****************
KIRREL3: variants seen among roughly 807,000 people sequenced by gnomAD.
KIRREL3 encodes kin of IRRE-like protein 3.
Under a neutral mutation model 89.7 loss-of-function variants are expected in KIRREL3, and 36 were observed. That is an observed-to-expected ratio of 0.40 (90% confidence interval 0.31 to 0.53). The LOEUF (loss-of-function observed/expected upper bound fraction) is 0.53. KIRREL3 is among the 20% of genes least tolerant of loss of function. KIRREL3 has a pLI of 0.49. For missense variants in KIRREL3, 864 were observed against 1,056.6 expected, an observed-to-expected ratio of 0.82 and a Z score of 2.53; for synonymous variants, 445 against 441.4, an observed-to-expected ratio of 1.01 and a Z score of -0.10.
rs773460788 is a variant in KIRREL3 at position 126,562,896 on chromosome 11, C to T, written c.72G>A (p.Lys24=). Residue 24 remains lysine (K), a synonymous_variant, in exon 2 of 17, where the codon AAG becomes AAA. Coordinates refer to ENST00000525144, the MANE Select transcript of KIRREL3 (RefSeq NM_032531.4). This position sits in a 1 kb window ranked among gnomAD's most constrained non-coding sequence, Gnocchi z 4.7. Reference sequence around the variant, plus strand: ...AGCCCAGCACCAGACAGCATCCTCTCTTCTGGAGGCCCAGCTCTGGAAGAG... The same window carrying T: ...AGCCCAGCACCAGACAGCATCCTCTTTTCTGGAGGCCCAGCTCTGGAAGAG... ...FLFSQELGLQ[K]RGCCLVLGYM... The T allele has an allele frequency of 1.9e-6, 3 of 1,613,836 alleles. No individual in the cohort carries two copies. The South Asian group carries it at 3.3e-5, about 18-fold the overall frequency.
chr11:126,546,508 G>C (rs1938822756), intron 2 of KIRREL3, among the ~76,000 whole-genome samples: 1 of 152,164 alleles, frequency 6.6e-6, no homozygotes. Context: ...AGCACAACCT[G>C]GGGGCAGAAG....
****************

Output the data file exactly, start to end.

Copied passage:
KIRREL3: variants seen among roughly 807,000 people sequenced by gnomAD.
KIRREL3 encodes kin of IRRE-like protein 3.
Under a neutral mutation model 89.7 loss-of-function variants are expected in KIRREL3, and 36 were observed. That is an observed-to-expected ratio of 0.40 (90% confidence interval 0.31 to 0.53). The LOEUF (loss-of-function observed/expected upper bound fraction) is 0.53. KIRREL3 is among the 20% of genes least tolerant of loss of function. KIRREL3 has a pLI of 0.49. For missense variants in KIRREL3, 864 were observed against 1,056.6 expected, an observed-to-expected ratio of 0.82 and a Z score of 2.53; for synonymous variants, 445 against 441.4, an observed-to-expected ratio of 1.01 and a Z score of -0.10.
rs773460788 is a variant in KIRREL3 at position 126,562,896 on chromosome 11, C to T, written c.72G>A (p.Lys24=). Residue 24 remains lysine (K), a synonymous_variant, in exon 2 of 17, where the codon AAG becomes AAA. Coordinates refer to ENST00000525144, the MANE Select transcript of KIRREL3 (RefSeq NM_032531.4). This position sits in a 1 kb window ranked among gnomAD's most constrained non-coding sequence, Gnocchi z 4.7. Reference sequence around the variant, plus strand: ...AGCCCAGCACCAGACAGCATCCTCTCTTCTGGAGGCCCAGCTCTGGAAGAG... The same window carrying T: ...AGCCCAGCACCAGACAGCATCCTCTTTTCTGGAGGCCCAGCTCTGGAAGAG... ...FLFSQELGLQ[K]RGCCLVLGYM... The T allele has an allele frequency of 1.9e-6, 3 of 1,613,836 alleles. No individual in the cohort carries two copies. The South Asian group carries it at 3.3e-5, about 18-fold the overall frequency.
chr11:126,546,508 G>C (rs1938822756), intron 2 of KIRREL3, among the ~76,000 whole-genome samples: 1 of 152,164 alleles, frequency 6.6e-6, no homozygotes. Context: ...AGCACAACCT[G>C]GGGGCAGAAG....